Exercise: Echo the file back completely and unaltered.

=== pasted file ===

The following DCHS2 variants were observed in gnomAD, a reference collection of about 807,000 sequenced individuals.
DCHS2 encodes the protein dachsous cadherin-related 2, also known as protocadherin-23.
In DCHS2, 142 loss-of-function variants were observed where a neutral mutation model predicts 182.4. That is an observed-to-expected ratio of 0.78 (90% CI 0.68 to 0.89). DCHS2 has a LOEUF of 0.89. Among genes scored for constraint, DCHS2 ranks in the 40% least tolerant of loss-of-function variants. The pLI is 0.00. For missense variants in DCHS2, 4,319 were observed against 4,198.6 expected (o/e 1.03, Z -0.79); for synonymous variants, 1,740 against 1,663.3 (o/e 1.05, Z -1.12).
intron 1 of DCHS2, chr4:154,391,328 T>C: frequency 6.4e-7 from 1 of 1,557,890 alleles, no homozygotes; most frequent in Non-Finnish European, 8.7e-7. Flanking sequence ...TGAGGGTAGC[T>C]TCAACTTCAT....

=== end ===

The following DCHS2 variants were observed in gnomAD, a reference collection of about 807,000 sequenced individuals.
DCHS2 encodes the protein dachsous cadherin-related 2, also known as protocadherin-23.
In DCHS2, 142 loss-of-function variants were observed where a neutral mutation model predicts 182.4. That is an observed-to-expected ratio of 0.78 (90% CI 0.68 to 0.89). DCHS2 has a LOEUF of 0.89. Among genes scored for constraint, DCHS2 ranks in the 40% least tolerant of loss-of-function variants. The pLI is 0.00. For missense variants in DCHS2, 4,319 were observed against 4,198.6 expected (o/e 1.03, Z -0.79); for synonymous variants, 1,740 against 1,663.3 (o/e 1.05, Z -1.12).
intron 1 of DCHS2, chr4:154,391,328 T>C: frequency 6.4e-7 from 1 of 1,557,890 alleles, no homozygotes; most frequent in Non-Finnish European, 8.7e-7. Flanking sequence ...TGAGGGTAGC[T>C]TCAACTTCAT....